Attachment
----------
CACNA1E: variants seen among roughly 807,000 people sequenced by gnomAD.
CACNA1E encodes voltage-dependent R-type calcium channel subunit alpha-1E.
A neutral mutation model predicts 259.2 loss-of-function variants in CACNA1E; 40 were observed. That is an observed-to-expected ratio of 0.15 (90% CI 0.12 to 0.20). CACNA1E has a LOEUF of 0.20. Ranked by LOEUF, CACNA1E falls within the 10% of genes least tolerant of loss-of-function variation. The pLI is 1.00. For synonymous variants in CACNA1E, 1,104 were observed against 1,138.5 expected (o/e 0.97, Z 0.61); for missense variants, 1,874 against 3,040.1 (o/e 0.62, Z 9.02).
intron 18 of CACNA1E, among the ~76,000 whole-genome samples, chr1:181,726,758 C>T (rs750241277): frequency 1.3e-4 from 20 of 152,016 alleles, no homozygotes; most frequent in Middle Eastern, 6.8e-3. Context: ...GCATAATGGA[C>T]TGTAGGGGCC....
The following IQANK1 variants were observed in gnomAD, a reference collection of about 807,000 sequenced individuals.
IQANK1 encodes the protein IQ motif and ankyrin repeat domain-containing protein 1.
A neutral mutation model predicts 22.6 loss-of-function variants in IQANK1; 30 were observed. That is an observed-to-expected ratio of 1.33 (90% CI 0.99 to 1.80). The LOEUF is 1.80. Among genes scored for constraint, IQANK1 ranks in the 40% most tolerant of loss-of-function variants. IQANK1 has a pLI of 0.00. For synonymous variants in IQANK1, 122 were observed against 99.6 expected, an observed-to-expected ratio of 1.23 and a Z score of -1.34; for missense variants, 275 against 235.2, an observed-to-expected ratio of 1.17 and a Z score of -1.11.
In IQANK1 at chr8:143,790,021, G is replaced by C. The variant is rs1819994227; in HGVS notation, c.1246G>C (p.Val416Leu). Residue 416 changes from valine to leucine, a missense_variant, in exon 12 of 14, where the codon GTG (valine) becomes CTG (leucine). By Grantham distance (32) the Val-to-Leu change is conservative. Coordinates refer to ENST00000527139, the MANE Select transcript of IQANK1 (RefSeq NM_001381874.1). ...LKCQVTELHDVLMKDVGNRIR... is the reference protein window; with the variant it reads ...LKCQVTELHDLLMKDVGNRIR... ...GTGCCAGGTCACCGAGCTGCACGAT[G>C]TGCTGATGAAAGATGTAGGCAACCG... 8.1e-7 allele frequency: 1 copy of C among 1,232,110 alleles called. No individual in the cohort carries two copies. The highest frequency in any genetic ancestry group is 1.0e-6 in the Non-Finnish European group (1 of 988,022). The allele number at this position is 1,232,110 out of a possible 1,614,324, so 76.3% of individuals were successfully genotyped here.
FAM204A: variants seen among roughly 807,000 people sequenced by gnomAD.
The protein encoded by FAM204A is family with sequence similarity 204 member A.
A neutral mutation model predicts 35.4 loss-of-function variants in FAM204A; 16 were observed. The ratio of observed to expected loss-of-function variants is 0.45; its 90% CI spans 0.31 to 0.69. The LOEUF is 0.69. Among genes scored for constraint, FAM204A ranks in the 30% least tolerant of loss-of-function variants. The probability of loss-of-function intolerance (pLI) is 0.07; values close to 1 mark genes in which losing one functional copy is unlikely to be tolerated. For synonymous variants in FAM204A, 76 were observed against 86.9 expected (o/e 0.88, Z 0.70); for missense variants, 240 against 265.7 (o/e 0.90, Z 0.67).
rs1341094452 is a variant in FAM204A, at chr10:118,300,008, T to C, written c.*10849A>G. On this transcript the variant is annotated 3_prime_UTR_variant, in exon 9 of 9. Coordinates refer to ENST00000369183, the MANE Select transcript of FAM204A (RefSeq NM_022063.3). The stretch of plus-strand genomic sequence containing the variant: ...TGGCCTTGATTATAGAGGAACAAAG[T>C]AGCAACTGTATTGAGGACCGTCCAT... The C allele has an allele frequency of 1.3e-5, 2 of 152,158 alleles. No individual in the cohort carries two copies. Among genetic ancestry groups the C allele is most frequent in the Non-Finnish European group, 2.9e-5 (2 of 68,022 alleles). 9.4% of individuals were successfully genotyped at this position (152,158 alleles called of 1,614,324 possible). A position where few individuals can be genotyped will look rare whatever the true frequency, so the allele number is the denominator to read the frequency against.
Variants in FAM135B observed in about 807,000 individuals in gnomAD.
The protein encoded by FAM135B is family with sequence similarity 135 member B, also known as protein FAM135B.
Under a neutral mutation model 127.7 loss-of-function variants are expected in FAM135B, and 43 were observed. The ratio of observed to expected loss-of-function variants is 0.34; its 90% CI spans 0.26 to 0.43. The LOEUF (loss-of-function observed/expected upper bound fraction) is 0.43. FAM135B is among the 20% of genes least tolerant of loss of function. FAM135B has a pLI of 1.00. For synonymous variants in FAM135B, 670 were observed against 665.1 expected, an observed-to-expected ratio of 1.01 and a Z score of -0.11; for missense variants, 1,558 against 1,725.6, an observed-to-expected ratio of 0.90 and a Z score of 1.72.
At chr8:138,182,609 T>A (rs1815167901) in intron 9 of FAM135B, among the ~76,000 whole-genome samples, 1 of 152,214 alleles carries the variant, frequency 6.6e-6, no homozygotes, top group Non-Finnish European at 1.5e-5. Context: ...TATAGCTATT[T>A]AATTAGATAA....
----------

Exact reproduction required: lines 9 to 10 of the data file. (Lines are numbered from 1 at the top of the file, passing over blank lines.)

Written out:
FAM204A: variants seen among roughly 807,000 people sequenced by gnomAD.
The protein encoded by FAM204A is family with sequence similarity 204 member A.